A convicted killer’s attempt at getting day parole has been stymied again.
Robert William Bell has been serving life in prison for second-degree murder in the death of his common-law wife, Tanya Gordon.
Her body was found in her Ogden home in August 2005.
Court heard she was strangled and smothered, while their children were in the house.
At one point, the victim told one of the kids to call 911 but Bell convinced him not to.
After Gordon’s death, Bell took off with all three kids, dropping two off in Calgary before leaving the province with his son.
A Canada-wide warrant was issued, and Bell and his son were eventually stopped near Moose Jaw.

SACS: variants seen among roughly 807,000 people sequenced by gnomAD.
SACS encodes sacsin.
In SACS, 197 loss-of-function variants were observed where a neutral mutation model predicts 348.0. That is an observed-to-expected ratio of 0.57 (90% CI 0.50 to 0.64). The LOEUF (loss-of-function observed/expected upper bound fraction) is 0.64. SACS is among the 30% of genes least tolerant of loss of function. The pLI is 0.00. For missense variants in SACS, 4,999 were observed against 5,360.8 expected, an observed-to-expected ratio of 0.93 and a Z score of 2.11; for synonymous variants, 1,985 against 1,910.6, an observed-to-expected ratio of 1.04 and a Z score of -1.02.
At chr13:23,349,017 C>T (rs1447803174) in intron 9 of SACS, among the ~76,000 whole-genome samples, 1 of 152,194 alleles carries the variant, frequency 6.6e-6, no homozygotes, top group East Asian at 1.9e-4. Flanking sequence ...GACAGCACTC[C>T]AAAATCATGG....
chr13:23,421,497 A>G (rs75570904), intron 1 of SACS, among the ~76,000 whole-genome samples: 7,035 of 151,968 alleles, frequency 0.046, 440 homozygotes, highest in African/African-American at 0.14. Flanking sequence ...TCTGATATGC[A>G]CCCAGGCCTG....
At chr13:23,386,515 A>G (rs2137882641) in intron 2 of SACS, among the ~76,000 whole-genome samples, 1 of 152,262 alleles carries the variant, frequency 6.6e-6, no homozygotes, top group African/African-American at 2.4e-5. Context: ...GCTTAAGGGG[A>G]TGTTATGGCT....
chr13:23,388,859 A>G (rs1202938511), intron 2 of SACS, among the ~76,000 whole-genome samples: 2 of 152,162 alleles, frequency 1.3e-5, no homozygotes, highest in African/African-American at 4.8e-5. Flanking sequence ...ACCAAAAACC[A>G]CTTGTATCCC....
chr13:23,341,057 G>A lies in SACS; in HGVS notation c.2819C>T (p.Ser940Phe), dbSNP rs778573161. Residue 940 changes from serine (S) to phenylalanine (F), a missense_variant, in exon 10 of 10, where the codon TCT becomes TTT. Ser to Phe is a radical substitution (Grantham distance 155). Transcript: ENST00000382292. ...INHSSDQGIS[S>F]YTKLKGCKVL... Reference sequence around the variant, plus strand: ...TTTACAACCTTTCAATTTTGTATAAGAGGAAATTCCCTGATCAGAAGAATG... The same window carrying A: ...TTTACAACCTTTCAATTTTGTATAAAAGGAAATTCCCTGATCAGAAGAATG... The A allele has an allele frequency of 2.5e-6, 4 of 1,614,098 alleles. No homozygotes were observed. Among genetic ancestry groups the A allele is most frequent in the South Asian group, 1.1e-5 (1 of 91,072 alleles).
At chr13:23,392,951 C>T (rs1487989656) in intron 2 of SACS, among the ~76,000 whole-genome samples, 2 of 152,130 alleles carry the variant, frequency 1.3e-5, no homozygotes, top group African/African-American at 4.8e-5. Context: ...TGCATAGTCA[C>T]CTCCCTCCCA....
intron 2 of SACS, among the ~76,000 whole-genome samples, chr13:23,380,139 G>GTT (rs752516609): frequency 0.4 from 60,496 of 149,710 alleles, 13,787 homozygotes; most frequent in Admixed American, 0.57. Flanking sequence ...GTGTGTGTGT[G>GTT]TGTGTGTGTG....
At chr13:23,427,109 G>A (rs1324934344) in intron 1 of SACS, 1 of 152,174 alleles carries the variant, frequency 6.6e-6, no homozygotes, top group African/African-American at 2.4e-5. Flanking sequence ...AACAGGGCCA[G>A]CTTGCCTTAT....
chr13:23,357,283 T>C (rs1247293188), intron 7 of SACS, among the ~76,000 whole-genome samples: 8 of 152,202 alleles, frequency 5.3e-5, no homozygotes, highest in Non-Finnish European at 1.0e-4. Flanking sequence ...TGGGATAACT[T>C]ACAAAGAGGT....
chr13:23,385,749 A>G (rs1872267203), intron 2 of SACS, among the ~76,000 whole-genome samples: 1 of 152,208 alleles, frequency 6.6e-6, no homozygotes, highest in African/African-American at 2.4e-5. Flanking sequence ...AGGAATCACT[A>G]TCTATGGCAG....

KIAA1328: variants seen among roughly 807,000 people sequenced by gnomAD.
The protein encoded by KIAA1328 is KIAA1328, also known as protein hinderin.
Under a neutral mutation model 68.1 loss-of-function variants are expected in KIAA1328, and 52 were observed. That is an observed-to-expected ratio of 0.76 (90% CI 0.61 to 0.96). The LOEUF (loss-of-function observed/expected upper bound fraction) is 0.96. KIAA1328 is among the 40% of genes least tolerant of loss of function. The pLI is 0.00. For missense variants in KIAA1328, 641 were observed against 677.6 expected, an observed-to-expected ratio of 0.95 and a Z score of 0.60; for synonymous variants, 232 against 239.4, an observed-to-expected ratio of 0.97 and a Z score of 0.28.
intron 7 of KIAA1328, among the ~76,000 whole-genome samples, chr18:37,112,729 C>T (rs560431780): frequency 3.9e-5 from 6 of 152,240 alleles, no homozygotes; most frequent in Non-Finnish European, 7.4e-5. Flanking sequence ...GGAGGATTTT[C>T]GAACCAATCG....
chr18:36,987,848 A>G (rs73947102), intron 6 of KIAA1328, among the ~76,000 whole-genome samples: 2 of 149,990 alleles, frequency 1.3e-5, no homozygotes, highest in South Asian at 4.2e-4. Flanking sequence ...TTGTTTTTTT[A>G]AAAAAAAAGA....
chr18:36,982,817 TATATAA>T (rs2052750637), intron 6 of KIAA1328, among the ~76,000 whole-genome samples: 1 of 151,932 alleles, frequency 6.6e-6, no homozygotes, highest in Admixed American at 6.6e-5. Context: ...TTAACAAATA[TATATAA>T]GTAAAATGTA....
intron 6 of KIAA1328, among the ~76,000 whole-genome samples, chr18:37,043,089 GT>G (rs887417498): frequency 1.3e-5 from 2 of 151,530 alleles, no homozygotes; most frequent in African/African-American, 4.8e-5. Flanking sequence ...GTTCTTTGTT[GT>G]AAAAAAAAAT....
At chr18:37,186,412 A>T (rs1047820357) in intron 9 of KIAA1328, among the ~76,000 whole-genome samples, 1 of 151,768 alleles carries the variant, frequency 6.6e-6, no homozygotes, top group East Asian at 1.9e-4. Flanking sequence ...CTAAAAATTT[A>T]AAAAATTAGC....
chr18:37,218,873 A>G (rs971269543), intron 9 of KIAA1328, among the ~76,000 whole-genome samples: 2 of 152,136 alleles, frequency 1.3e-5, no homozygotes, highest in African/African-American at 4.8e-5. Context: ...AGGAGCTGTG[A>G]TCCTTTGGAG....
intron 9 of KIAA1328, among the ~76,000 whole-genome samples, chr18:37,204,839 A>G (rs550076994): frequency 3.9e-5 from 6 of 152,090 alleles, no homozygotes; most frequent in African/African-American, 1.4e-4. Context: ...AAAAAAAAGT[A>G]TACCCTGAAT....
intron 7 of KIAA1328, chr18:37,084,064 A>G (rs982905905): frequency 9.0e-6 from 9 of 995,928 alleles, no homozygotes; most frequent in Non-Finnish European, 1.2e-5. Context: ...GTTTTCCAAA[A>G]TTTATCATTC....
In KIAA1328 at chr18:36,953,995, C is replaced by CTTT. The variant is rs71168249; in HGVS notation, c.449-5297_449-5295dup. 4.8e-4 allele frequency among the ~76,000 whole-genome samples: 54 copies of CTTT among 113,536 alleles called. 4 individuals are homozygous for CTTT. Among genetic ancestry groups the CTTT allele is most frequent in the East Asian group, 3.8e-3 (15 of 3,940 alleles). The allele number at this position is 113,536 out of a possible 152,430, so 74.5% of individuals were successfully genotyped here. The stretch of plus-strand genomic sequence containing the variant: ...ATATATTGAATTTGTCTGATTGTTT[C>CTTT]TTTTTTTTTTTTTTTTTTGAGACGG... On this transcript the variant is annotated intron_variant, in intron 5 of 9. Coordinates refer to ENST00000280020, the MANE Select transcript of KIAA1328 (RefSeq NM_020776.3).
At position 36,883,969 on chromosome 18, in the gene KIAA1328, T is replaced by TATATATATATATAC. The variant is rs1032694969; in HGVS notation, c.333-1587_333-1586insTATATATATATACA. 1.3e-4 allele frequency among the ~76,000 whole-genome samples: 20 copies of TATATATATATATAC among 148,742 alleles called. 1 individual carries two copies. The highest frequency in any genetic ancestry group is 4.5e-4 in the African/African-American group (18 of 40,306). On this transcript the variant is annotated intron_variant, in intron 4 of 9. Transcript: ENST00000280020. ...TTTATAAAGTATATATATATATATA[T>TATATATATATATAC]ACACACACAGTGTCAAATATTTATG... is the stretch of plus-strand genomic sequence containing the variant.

After pleading guilty to second-degree murder, Bell’s parole eligibility was set at 12 years.
He made his first day parole request this past December, which the Parole Board denied.
The board heard from officials saying he has made positive progress, but during the hearing, he was visibly nervous, “answering questions with single-word replies.”
Ultimately, the board ruled “there is still work to be done in coping strategies and understanding the impact and cause of his behaviour.”
He appealed that decision, but in a ruling handed out this week, that appeal was also turned down.
In documents obtained by News Talk 770, Bell appealed on two grounds: erroneous and/or incomplete information and reasonableness of the decision.
The Parole Board affirmed its decision to deny day parole for Bell, stating the board’s decision was “reasonable and consistent with the decision-making criteria set out in law and in board policy.”
Bell is eligible for full parole in September 2017.